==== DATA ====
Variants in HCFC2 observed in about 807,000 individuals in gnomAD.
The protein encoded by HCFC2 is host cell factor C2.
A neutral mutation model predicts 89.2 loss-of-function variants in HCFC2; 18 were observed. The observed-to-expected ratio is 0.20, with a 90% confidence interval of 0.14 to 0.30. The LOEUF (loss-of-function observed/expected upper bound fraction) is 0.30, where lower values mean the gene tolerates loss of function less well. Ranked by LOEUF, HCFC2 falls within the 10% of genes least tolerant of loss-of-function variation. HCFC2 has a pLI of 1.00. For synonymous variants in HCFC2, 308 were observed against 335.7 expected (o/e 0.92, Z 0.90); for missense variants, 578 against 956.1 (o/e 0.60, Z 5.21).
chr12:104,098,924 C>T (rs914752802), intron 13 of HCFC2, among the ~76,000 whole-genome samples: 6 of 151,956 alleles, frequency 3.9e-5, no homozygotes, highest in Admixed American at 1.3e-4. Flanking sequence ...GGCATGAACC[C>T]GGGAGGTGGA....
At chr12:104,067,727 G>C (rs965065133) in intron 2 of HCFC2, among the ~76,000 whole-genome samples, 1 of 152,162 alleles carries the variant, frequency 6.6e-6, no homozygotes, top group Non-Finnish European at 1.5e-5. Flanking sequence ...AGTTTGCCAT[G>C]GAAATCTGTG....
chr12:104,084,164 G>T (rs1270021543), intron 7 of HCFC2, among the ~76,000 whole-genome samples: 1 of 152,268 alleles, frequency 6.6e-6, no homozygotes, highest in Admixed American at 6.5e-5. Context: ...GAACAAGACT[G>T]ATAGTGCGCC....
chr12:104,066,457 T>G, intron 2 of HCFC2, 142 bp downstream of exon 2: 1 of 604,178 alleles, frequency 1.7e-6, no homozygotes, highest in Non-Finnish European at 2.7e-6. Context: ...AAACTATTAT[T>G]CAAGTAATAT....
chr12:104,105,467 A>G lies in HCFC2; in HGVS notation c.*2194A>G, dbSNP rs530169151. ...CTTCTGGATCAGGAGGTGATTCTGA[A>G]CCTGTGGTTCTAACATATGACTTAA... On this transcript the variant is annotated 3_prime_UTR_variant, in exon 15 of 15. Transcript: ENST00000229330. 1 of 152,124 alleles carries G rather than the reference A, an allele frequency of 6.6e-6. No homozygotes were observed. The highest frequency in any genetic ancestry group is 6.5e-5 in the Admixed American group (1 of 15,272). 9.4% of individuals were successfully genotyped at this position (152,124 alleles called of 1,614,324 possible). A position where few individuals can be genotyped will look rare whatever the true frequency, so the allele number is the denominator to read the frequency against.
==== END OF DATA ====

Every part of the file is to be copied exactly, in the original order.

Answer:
Variants in HCFC2 observed in about 807,000 individuals in gnomAD.
The protein encoded by HCFC2 is host cell factor C2.
A neutral mutation model predicts 89.2 loss-of-function variants in HCFC2; 18 were observed. The observed-to-expected ratio is 0.20, with a 90% confidence interval of 0.14 to 0.30. The LOEUF (loss-of-function observed/expected upper bound fraction) is 0.30, where lower values mean the gene tolerates loss of function less well. Ranked by LOEUF, HCFC2 falls within the 10% of genes least tolerant of loss-of-function variation. HCFC2 has a pLI of 1.00. For synonymous variants in HCFC2, 308 were observed against 335.7 expected (o/e 0.92, Z 0.90); for missense variants, 578 against 956.1 (o/e 0.60, Z 5.21).
chr12:104,098,924 C>T (rs914752802), intron 13 of HCFC2, among the ~76,000 whole-genome samples: 6 of 151,956 alleles, frequency 3.9e-5, no homozygotes, highest in Admixed American at 1.3e-4. Flanking sequence ...GGCATGAACC[C>T]GGGAGGTGGA....
At chr12:104,067,727 G>C (rs965065133) in intron 2 of HCFC2, among the ~76,000 whole-genome samples, 1 of 152,162 alleles carries the variant, frequency 6.6e-6, no homozygotes, top group Non-Finnish European at 1.5e-5. Flanking sequence ...AGTTTGCCAT[G>C]GAAATCTGTG....
chr12:104,084,164 G>T (rs1270021543), intron 7 of HCFC2, among the ~76,000 whole-genome samples: 1 of 152,268 alleles, frequency 6.6e-6, no homozygotes, highest in Admixed American at 6.5e-5. Context: ...GAACAAGACT[G>T]ATAGTGCGCC....
chr12:104,066,457 T>G, intron 2 of HCFC2, 142 bp downstream of exon 2: 1 of 604,178 alleles, frequency 1.7e-6, no homozygotes, highest in Non-Finnish European at 2.7e-6. Context: ...AAACTATTAT[T>G]CAAGTAATAT....
chr12:104,105,467 A>G lies in HCFC2; in HGVS notation c.*2194A>G, dbSNP rs530169151. ...CTTCTGGATCAGGAGGTGATTCTGA[A>G]CCTGTGGTTCTAACATATGACTTAA... On this transcript the variant is annotated 3_prime_UTR_variant, in exon 15 of 15. Transcript: ENST00000229330. 1 of 152,124 alleles carries G rather than the reference A, an allele frequency of 6.6e-6. No homozygotes were observed. The highest frequency in any genetic ancestry group is 6.5e-5 in the Admixed American group (1 of 15,272). 9.4% of individuals were successfully genotyped at this position (152,124 alleles called of 1,614,324 possible). A position where few individuals can be genotyped will look rare whatever the true frequency, so the allele number is the denominator to read the frequency against.